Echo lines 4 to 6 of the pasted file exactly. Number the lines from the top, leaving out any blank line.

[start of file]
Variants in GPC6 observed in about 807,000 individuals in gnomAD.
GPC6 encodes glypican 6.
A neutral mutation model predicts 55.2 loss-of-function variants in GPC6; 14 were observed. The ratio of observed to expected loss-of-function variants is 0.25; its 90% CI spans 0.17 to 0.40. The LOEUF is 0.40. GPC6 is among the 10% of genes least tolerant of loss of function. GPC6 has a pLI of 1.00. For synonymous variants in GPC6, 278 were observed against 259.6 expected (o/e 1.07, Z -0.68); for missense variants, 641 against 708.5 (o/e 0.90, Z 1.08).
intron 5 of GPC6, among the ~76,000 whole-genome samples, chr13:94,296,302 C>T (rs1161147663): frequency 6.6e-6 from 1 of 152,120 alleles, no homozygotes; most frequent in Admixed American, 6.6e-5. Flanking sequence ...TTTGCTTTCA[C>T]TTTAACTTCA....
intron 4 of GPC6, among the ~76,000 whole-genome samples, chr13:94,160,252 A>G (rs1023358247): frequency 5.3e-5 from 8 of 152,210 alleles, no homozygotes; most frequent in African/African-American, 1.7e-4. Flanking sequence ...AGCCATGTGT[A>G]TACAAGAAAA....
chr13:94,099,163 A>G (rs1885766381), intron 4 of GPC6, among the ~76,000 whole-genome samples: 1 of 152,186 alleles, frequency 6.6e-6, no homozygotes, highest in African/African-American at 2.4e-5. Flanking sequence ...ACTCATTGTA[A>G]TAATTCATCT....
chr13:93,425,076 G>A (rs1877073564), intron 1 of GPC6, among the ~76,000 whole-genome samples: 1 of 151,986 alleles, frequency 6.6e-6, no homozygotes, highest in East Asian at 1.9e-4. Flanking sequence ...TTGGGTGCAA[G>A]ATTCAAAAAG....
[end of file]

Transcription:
intron 5 of GPC6, among the ~76,000 whole-genome samples, chr13:94,296,302 C>T (rs1161147663): frequency 6.6e-6 from 1 of 152,120 alleles, no homozygotes; most frequent in Admixed American, 6.6e-5. Flanking sequence ...TTTGCTTTCA[C>T]TTTAACTTCA....
intron 4 of GPC6, among the ~76,000 whole-genome samples, chr13:94,160,252 A>G (rs1023358247): frequency 5.3e-5 from 8 of 152,210 alleles, no homozygotes; most frequent in African/African-American, 1.7e-4. Flanking sequence ...AGCCATGTGT[A>G]TACAAGAAAA....
chr13:94,099,163 A>G (rs1885766381), intron 4 of GPC6, among the ~76,000 whole-genome samples: 1 of 152,186 alleles, frequency 6.6e-6, no homozygotes, highest in African/African-American at 2.4e-5. Flanking sequence ...ACTCATTGTA[A>G]TAATTCATCT....